The result was Beneath the Planet of the Apes, which spent most of its runtime with another, near-identical adrift astronaut (played by discount Heston James Franciscus) in a plot involving telepathic mutant humans who worshipped an Earth-threatening doomsday device. At the end of the movie, Taylor activates the bomb, killing himself and taking all those damn, dirty apes with him.

Despite that resolute ending, the next film, Escape from the Planet of the Apes, magically found a get-around – chimpanzees Cornelius and Zira (who was pregnant with the ape who would ultimately lead the simian uprising – don’t ask) used one of the crashed spaceships to travel back to the 1970s. While that means technically two characters did survive, it certainly wasn’t intended to be that way.


The oldest movie on this list by quite a margin, All Quiet On The Western Front won the third Best Picture (then called Outstanding Production) Oscar ever for its unflinching portrayal of the then-recent horrors (it was released in 1930) of World War I.

It remains an incredibly powerful film, one that highlights the mindlessness of the conflict by playing with the idealism of young soldiers going off to war and twists it from an English-speaking perspective by showing the German side of the conflict. Naturally, being a bleak, anti-war film, it doesn’t end cheerily, with every member of the immensely likeable 2ndCompany we meet dying in horrific (but, crucially, real) ways on the battlefield.

A sequel was made a few years later, The Road Back, showing what happens when other soldiers not seen in the original come home. Although ostensibly following up a hit, the film was more a straight piece of propaganda, seriously criticising the emerging Nazi regime.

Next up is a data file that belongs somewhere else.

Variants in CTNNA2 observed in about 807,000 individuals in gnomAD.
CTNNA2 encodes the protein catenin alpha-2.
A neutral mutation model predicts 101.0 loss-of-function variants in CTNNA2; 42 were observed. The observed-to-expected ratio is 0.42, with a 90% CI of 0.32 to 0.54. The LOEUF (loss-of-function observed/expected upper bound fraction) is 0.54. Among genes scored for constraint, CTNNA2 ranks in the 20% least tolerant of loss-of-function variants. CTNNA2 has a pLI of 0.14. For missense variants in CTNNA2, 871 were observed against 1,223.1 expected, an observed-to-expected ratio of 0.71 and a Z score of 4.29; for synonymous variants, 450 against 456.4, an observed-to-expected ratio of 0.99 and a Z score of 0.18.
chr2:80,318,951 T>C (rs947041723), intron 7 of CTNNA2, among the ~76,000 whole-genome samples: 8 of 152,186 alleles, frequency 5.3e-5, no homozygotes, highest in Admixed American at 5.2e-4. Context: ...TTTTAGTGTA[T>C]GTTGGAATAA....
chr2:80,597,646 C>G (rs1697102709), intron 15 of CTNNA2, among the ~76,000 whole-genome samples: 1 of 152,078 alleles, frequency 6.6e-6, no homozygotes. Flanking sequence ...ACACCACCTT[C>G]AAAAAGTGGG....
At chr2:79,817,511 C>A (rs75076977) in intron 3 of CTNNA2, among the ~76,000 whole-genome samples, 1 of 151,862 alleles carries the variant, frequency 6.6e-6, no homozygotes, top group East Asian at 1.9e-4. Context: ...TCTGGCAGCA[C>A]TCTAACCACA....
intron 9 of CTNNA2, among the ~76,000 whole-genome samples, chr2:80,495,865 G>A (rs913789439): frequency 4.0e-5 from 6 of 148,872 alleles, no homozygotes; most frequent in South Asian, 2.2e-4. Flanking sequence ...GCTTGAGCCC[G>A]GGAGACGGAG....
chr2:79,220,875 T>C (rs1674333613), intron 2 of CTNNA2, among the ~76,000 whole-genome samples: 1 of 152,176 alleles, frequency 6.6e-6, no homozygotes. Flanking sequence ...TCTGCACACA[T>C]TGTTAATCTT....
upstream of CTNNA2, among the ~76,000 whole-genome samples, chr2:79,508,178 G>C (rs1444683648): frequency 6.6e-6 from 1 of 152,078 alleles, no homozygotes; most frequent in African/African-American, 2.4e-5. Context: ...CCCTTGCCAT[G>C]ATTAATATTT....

While cast culling is generally a surprise ending, that The Blair Witch Project everybody died was the entire marketing hook. In the summer of 1999 there was a frenzy that Eduardo Sánchez and Daniel Myrick’s film was in fact an actual documentary gone wrong and that three budding filmmakers really had died in the woods near the former town of Blair. Of course, it was all a ruse, but it goes to show just how effective the film was that it duped people into thinking it was real found footage.

The extents to which the studio went to keep the mystery were insane, with the film’s amateur actors forbidden from making any public appearances lest the illusion be shattered. That said, if someone believed a major studio was actually distributing a snuff film, they’d likely think any such “actor” was just a double.

Blair Witch, the 17 years late sequel had its plot sparked by original “director” Heather’s younger brother thinking she was still alive, but that turned out to be his friend Lisa, because the witch can also alter the flow of time, apparently (at least it was better than Book of Shadows).


In a world dominated by shared universes and overarching brands, Cabin in the Woods does one better. Drew Goddard’s film’s delirious hook, which is teased out during the first hour or so of what at first appears to be a stated Evil Dead riff, is that pretty much all horror movies are in fact the part of an elaborate ritual where various character archetypes are killed off in an environment controlled by a massive corporation to appease giant beasts called the Ancient Ones.

The movie shows this all going wrong; the in-universe rules state that only “The Virgin” (aka the Final Girl) can live, but the controllers have messed up this time and two people survive. After finding their way into the company’s inner-workings and unleashing every cinema monster ever, the pair learn of their place in the ritual, yet refuse to play along, leading to the Ancient One awakeningng to destroy the world. The end.

It’s a neat meta-commentary on horror movie audiences – the Ancient Ones are basically us, hungry for blood – that’s so fun you can almost overlook how apocalyptic it is.


Bringing Kaiju into the post-9/11 world, Matt Reeves’ Cloverfield was marketed on its mystery – it boasted one of the best ARGs ever and the monster’s design wasn’t revealed in any pre-release materials – but in the moment it was all about the horrific authenticity of New York under attack by a giant sea creature/military experiment/alien (delete based on preferred theory).